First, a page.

This trend is encouraging for the chain hit particularly hard by the Covid-19 pandemic due to its deep urban footprint and meager digital presence.
What’s even more encouraging is the chain now has a few more tools in its toolbox to help with recovery–namely a growing suburban presence and a solid digital presence.
Still, even with a clear rebound in play, Shake Shack’s growth isn’t quite on a pace that matches its potential. During a presentation at the Baird 2022 Global Consumer Technology and Services Conference Monday, CFO
“We had to look at what is going on in this moment around development to reframe our thinking. It’s construction delays, permitting delays, internet installment delays because our internet provider can’t hire enough people at this moment. We can’t get a walk-in freezer because parts are delayed throughout the entire supply chain,” she said. “These issues are what’s holding us back. It’s not that we don’t have the pipeline, which is frustrating because we do have the pipeline.”
That said, there is plenty of optimism because the concept has extended beyond its urban core, creating an entirely new runway for growth potential.
“Our results now speak to the fact that we can work in suburban markets,” she said, adding that the company is on track to open its largest class in its 18-year history.
Further, since Covid, the company has undergone a digital transformation–like most of its peers–and now generates about 43% of its sales through digital channels. That’s not counting in-store kiosks, which puts the digital sales mix above 75%.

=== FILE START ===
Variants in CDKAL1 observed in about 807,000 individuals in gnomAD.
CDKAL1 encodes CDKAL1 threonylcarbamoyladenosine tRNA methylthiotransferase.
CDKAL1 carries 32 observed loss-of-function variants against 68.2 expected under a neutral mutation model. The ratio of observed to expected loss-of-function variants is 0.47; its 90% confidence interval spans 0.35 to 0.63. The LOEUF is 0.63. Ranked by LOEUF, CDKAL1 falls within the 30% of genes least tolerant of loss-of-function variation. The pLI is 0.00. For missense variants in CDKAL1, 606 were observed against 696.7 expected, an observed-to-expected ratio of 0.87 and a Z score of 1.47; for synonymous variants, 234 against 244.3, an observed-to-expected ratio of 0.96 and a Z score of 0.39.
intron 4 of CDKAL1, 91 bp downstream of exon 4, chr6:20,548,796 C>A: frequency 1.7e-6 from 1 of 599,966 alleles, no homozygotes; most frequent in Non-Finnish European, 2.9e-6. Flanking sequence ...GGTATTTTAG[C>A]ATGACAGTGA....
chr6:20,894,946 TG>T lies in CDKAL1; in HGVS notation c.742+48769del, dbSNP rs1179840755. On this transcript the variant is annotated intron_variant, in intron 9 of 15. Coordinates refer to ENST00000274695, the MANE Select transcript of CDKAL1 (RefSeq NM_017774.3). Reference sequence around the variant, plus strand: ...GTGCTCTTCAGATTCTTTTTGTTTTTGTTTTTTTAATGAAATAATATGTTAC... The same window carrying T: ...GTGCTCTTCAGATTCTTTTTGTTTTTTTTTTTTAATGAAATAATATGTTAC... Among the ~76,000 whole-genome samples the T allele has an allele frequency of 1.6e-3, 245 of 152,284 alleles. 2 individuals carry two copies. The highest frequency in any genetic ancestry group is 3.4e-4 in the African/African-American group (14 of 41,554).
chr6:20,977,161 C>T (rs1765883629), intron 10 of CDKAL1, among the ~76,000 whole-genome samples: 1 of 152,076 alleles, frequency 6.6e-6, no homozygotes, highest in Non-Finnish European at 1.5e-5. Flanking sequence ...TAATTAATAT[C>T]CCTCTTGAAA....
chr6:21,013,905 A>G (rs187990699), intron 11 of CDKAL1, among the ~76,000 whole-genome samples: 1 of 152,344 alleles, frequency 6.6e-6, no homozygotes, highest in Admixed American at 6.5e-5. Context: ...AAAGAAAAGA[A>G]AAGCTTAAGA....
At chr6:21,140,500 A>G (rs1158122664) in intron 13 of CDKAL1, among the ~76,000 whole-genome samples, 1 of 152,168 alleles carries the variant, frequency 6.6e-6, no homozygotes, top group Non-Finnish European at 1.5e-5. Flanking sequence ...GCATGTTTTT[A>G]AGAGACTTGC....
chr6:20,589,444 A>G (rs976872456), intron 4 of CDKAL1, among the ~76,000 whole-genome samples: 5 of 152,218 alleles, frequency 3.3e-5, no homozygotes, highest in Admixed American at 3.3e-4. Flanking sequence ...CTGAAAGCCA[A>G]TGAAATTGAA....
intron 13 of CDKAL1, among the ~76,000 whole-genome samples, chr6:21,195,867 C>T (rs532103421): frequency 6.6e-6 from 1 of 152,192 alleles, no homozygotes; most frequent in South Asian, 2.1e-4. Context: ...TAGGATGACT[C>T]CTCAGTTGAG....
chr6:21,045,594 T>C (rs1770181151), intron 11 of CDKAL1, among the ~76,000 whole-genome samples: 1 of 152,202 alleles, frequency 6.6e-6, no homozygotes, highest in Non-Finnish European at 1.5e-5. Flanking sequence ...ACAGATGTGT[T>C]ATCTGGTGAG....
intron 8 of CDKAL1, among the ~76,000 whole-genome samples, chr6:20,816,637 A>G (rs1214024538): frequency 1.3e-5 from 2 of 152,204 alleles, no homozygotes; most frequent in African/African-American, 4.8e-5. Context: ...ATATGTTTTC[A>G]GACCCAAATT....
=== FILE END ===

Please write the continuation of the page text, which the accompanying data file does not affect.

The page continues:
“It is super exciting what we’re seeing from our digital guests. We have a tremendous opportunity to know and better market toward these guests who come in more frequently and spend more,” Fogertey said. “We’re still in our early days on our digital evolution, but we’re building the tools we believe will drive continued digital frequency and long-term revenue growth.”
That’s not to say it’s all smooth sailing, however, as evidenced by development delays. Shake Shack has also been pressured lately on the profitability side. In Q1, the chain’s operating profit margin was 15.2%, down from 16.4% in Q4 and attributable mostly to inflation. Beef costs rose about 20% year-over-year in Q1, for instance, while paper and packaging costs are expected to increase in the mid-teens on the year.
In response, Shake Shack raised menu prices by about 3.5% in Q1, bringing the chain’s total pricing up by about 6% to 7% throughout the past year. Fogertey said the company may have room for more increases if profitability remains challenged. For context, menu price inflation increased by 7.2% in the limited-service category year-over-year, while the full-service category increased menu prices by 8%.
“We monitor closely things like IPCs (items per check), guest feedback scores as it pertains to value, and traffic,” she said. “Last quarter, our business continued to recover in April even after taking price in March, so we have additional room to take on price if needed.”
She called the current inflationary environment unprecedented, but expects things to normalize soon.
Conversely, Fogertey doesn’t expect wage inflation to ever go away as the industry grapples with labor shortages that have affected operating hours. For its part, Shake Shack increased starting wages by high single-digit percent year-over-year and expects to raise them by mid-to-high single-digit percent in fiscal 2022.
Such increases coincide with one of Shake Shack’s four pillars: “supporting our people.”
“When it’s harder to staff restaurants, it’s harder to run full hours and we have an opportunity on that side,” Fogertey said. “We proudly raised wages across the board and have a number of opportunities to grow up and graduate in our system, where hourly workers are trained to be managers and some of our managers are now opening new restaurants. It’s an exciting time.”